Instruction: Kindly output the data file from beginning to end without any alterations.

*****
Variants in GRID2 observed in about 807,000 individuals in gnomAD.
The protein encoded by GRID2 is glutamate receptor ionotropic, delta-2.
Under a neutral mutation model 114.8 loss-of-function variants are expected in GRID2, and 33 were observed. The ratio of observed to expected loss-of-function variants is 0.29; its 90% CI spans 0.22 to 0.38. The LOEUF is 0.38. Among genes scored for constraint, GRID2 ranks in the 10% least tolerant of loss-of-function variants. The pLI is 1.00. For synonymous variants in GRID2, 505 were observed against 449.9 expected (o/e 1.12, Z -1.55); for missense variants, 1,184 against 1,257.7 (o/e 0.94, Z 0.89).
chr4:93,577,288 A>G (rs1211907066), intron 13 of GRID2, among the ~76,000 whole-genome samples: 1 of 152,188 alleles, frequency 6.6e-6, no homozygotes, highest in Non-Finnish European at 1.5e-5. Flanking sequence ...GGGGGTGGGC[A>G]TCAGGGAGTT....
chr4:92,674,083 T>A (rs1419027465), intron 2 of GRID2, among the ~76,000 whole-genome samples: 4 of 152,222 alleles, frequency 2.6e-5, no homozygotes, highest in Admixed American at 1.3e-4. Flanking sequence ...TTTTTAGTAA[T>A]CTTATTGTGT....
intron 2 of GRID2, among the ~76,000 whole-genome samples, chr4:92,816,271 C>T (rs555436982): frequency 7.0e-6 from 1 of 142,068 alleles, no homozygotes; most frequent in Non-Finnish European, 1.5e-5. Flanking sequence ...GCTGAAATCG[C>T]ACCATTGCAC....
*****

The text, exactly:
Variants in GRID2 observed in about 807,000 individuals in gnomAD.
The protein encoded by GRID2 is glutamate receptor ionotropic, delta-2.
Under a neutral mutation model 114.8 loss-of-function variants are expected in GRID2, and 33 were observed. The ratio of observed to expected loss-of-function variants is 0.29; its 90% CI spans 0.22 to 0.38. The LOEUF is 0.38. Among genes scored for constraint, GRID2 ranks in the 10% least tolerant of loss-of-function variants. The pLI is 1.00. For synonymous variants in GRID2, 505 were observed against 449.9 expected (o/e 1.12, Z -1.55); for missense variants, 1,184 against 1,257.7 (o/e 0.94, Z 0.89).
chr4:93,577,288 A>G (rs1211907066), intron 13 of GRID2, among the ~76,000 whole-genome samples: 1 of 152,188 alleles, frequency 6.6e-6, no homozygotes, highest in Non-Finnish European at 1.5e-5. Flanking sequence ...GGGGGTGGGC[A>G]TCAGGGAGTT....
chr4:92,674,083 T>A (rs1419027465), intron 2 of GRID2, among the ~76,000 whole-genome samples: 4 of 152,222 alleles, frequency 2.6e-5, no homozygotes, highest in Admixed American at 1.3e-4. Flanking sequence ...TTTTTAGTAA[T>A]CTTATTGTGT....
intron 2 of GRID2, among the ~76,000 whole-genome samples, chr4:92,816,271 C>T (rs555436982): frequency 7.0e-6 from 1 of 142,068 alleles, no homozygotes; most frequent in Non-Finnish European, 1.5e-5. Flanking sequence ...GCTGAAATCG[C>T]ACCATTGCAC....